Cole Leonida: Catcher Cole Leonida is having a solid season. Averaging a start every 3-5 days, he’s making his moments in the spotlight count. In 12 games this year, Leonida is batting .270 with six doubles, two homers and five RBI. His OPS of .995 leads the team, as well.
Hagerstown Suns, Low-Class A South Atlantic League, 27-8
Lucas Giolito: Giolito has made the report before, but his most recent start on Sunday afternoon has earned him the right to be mentioned. In his seventh start of the season, Giolito threw six scoreless innings of a game that went just seven innings due to it being part of a double-header. In the start, he gave up just one hit, one walk and struck out seven. His ERA drops to 2.51, his opponents batting average drops to .186 and he’s now struck out 36 batters this season.
Craig Manuel: Catcher Craig Manuel is averaging a start every 3-4 days for the Suns and is doing well when he gets his opportunities. His average is hovering at .300 and has picked up a hit in all but one of his last 10 games. Currently, he’s on a five-game hitting streak after hitting a double on Sunday evening.
Jake Walsh: Closer Jake Walsh has been a reliable pitcher out of the bullpen for Hagerstown. In 15 innings spanning 10 games, he’s given up just three runs (two in one game) and seven hits. On top of that, he’s also struck out 16 batters. After pitching two scoreless innings on Sunday evening, the left-hander has dropped his season ERA to 1.80.
Syracuse Chiefs, AAA International League, 10-13
Brian Goodwin: In the Chiefs past 10 games, Goodwin has batted just .216. One of the fastest men in the clubs’ system, he’s stolen just two bags all season long. In the past 10 games, the 23-year old has 5 RBI, a triple and two doubles. This is his first season at triple-A, so it may take some time to adjust to the elevated level of play.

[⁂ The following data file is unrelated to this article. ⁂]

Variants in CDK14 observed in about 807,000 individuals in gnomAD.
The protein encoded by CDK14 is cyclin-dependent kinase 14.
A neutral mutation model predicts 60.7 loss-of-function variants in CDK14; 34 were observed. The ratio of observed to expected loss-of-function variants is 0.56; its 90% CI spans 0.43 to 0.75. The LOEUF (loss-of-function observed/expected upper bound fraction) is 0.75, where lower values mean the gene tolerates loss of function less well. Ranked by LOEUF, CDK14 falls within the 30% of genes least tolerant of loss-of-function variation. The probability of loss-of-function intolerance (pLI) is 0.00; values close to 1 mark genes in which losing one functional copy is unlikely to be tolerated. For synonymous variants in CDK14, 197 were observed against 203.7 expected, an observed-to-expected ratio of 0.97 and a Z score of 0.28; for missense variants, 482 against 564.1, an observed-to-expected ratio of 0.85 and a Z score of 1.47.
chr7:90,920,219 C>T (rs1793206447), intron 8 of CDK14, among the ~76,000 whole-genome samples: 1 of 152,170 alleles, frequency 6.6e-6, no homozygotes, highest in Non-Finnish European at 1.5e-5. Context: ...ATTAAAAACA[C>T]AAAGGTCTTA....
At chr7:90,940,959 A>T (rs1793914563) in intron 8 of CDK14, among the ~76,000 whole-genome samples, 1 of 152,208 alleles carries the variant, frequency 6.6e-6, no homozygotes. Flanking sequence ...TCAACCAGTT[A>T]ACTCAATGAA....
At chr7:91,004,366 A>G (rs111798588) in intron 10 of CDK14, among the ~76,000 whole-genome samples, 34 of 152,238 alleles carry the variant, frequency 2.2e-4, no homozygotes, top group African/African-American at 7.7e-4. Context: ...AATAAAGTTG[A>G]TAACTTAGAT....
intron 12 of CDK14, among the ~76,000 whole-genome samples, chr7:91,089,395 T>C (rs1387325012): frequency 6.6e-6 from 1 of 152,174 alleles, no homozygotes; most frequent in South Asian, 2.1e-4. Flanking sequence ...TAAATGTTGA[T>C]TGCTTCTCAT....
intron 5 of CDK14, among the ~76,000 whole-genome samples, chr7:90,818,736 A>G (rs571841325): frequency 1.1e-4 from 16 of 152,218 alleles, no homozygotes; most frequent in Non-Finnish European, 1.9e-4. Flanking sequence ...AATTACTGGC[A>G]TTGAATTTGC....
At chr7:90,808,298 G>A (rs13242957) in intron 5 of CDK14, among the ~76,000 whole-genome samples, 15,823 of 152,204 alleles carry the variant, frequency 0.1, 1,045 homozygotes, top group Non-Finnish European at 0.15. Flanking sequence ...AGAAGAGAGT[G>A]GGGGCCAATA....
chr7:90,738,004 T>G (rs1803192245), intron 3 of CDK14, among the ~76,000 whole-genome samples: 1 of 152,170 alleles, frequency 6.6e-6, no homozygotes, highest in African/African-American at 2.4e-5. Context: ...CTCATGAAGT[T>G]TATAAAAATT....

Ryan Mattheus: Once an important member of the Nationals’ bullpen, the right-handed Mattheus is off to a rough start in Syracuse. Through nine outings, he’s amassed a 5.40 ERA and opponents are hitting .275 against him.
Jhonatan Solano: If not for Sandy Leon, Solano would be the backup behind home plate. In triple-A, his season is off to a solid start. Through 54 at-bats spanning 15 games, Solano is hitting .333 with a .537 slugging percentage. He’s hit five doubles, two homers and 11 RBI.
Harrisburg Senators, AA Eastern League, 5-16
Destin Hood: In his second full season with the Senators, the outfielder leads the team with a .329 batting average. In the past 10 games, he’s collected at least one hit in six of them. On the season, Hood has stolen six bases, scored nine runs and has collected 5 RBI.
Matt Skole: Possibly the most powerful bat in the Nationals’ farm system, Skole is off to a rather slow start. In 74 at bats, he’s hitting .149 with a slugging percentage of .189. He has hit three doubles and 6 RBI, but is still waiting on his first long ball. Last year, an early season injury saw his season cut short; so it’s important to stay patient with him as he returns to action.
A.J. Cole: One of the brightest young arms in the system, Cole got off to good start, but has hit some tough times in recent outings. He started off 2-0 with a 1.80 ERA, but went 0-1 in his next two games and gave up 17 hits and five runs collectively.
Potomac Nationals, High-Class A Carolina League, 14-8
Tony Renda: Before a quad injury sent him to the disabled list on April 11, second baseman Tony Renda got off to quite a start for Potomac. He put together a slash line of .375/.400/.438 with two doubles and eight RBI. On the base paths, he found success stealing three bags and scoring eight runs.
Bryan Harper: Bryce’s older brother, Bryan Harper has been pitching well out of the bullpen for Potomac. In 9.1 innings of relief work, Harper has given up just one earned run while striking out seven. The left-hander has been rather versatile as he’s been a solid option for 1-2 innings of work.
Brian Dupra: Another young arm available out of the bullpen, right-hander Brian Dupra has been just as solid as Harper. Over 17 innings of long-relief spanning five games, he’s allowed just one run across the plate and opponents are batting just .177 against him. He’s struck out 23 while walking just one.
Hagerstown Suns, Low-Class A South Atlantic League, 18-5